On June 27, 2024, The Lancet published an article titled "Childhood growth hormone treatment: challenges, opportunities, and considerations." The article highlights that while significant growth hormone deficiencies have notable physiological impacts and replacement therapies are valuable, only a few individuals are considered to have a clear deficiency. For those without such deficiencies, growth hormone can increase height, necessitating the monitoring of potential side effects as the therapy extends beyond strict replacement to broader height enhancement.

The Evolution of Growth Hormone Therapy

Growth hormone (GH) is a crucial biochemical signal molecule that activates intracellular signaling pathways, coordinating the metabolic processes of various cell types and regulating the physiological functions of multiple tissues. Introduced into clinical practice in the late 1950s, its initial use was limited. Advances in biotechnology over the following 30 years led to the development of recombinant human growth hormone (rhGH), meeting higher demand and expanding indications.

In 1985, rhGH was first approved to treat childhood growth hormone deficiency. Since then, it has been approved for other pediatric conditions associated with short stature, including chronic kidney disease, Turner syndrome, Prader-Willi syndrome, being small for gestational age, short stature homeobox-containing gene (SHOX) deficiency, and Noonan syndrome. In some countries, it is also approved for idiopathic short stature.

Safety Concerns with Growth Hormone Therapy

In recent years, rhGH has attracted much attention from parents due to its height-increasing effects. The Lancet article emphasizes the importance of ongoing monitoring for safety concerns. It mentions potential risks such as increased cancer, cardiovascular disease, and mortality.

Cancer Risk:The article notes that animal studies and data from specific human conditions with excess GH or impaired GH signaling suggest that increased signaling pathway activity is linked to tumor development. Large-scale population studies have shown that abnormal insulin-like growth factor 1 (IGF-1) expression is associated with higher risks of certain cancers. However, pharmaceutical company databases indicate no increased tumor risk in patients without underlying cancer risk factors.

SAGhE Project:In 2009, eight European countries collaborated to create the Safety and Appropriateness of Growth Hormone treatments in Europe (SAGhE) project, a large meta-analysis cohort involving about 24,000 patients who received childhood GH treatment. The study found no overall increase in cancer incidence or mortality, though specific risks for skeletal and bladder cancers were noted. However, due to limited case numbers and methodological constraints, definitive conclusions could not be drawn.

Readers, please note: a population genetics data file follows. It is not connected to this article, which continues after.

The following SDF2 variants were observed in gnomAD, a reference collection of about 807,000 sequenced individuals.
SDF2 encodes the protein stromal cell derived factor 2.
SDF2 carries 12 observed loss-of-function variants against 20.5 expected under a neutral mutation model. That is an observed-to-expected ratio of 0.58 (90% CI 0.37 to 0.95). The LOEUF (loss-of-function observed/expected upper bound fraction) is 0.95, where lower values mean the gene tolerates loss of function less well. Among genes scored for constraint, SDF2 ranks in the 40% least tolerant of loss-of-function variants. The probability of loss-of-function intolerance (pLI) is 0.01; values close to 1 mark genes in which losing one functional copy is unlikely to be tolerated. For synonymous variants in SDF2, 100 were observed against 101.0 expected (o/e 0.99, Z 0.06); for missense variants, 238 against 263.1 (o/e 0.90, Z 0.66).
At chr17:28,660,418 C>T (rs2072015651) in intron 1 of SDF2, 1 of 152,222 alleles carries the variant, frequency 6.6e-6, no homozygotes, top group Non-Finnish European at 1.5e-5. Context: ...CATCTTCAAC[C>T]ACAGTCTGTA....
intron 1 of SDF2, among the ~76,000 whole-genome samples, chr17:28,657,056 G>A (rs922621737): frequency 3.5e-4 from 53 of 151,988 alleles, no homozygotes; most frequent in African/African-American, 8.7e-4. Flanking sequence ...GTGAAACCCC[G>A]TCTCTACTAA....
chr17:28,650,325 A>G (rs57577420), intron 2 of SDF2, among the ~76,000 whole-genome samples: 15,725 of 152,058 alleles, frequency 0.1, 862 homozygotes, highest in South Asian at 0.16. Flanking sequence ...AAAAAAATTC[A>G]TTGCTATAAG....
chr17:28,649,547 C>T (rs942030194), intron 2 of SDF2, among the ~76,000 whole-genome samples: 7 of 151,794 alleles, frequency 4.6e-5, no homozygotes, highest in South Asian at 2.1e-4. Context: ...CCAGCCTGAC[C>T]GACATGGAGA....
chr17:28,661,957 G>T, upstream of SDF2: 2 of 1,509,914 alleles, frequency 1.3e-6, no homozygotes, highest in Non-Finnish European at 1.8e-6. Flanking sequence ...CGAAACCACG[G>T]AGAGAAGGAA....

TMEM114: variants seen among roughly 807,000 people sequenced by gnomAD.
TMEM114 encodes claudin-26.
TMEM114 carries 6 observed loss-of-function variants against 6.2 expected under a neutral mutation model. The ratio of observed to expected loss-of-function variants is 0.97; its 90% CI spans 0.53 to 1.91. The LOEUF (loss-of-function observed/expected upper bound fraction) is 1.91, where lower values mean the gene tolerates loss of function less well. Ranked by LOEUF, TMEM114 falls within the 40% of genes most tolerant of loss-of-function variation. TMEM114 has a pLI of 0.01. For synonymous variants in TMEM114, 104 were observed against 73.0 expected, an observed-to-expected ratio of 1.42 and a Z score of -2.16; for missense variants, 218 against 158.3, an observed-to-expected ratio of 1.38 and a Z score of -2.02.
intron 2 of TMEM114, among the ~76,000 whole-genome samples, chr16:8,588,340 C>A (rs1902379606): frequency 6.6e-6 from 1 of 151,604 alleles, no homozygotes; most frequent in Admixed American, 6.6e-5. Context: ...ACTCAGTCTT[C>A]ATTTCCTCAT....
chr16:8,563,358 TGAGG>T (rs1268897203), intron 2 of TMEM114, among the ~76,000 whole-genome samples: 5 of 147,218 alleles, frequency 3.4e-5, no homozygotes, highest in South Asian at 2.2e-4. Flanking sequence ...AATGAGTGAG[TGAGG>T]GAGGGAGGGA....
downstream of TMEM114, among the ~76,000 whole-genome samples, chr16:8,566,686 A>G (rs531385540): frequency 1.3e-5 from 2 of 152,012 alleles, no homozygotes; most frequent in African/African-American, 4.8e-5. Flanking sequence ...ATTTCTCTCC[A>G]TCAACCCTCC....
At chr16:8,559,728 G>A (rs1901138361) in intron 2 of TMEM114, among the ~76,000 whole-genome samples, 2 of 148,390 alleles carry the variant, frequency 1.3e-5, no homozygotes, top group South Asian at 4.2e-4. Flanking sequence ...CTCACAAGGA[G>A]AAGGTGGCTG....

In 2022, the European Society of Endocrinology (ESE) reviewed the safety of GH replacement in cancer survivors, publishing a consensus statement. It found no increased risk of cancer recurrence in GH-deficient patients treated in childhood, with only a slight increase in secondary tumors. However, the statement does not recommend GH therapy for patients with genetic cancer predispositions.

Swedish Nationwide Study: A recent nationwide study in Sweden covered over 3,400 patients with GH deficiency, idiopathic short stature, or small for gestational age, with follow-up extending 35 years. Compared to controls, the overall tumor risk was slightly higher, but there was no increased risk of malignant tumors following childhood GH treatment. The study noted that patients with longer treatment durations had marginally higher risks, though no significant dose-related trends were observed, challenging the causal link between rhGH treatment and cancer.

Conclusion:Despite being the longest follow-up study of childhood GH treatment patients, the cohort remains relatively young, necessitating further follow-up to assess late adulthood risks. The Lancet article concludes, "Even for approved indications, growth hormone therapy presents many clinical challenges. Physicians must carefully weigh known and unknown risks and benefits for each patient, conducting individualized assessments. Open communication with patients and families is essential, with clear treatment goals and a readiness to reassess diagnoses and treatment plans as needed."

This underscores the importance of vigilance in monitoring and evaluating the long-term safety of growth hormone treatments in children.



2.Boguszewski MCS, Boguszewski CL, Chemaitilly W, et al. Safety of growth hormone replacement in survivors of cancer and intracranial and pituitary tumours: a consensus statement. Eur J Endocrinol 2022; 186: 35–P52.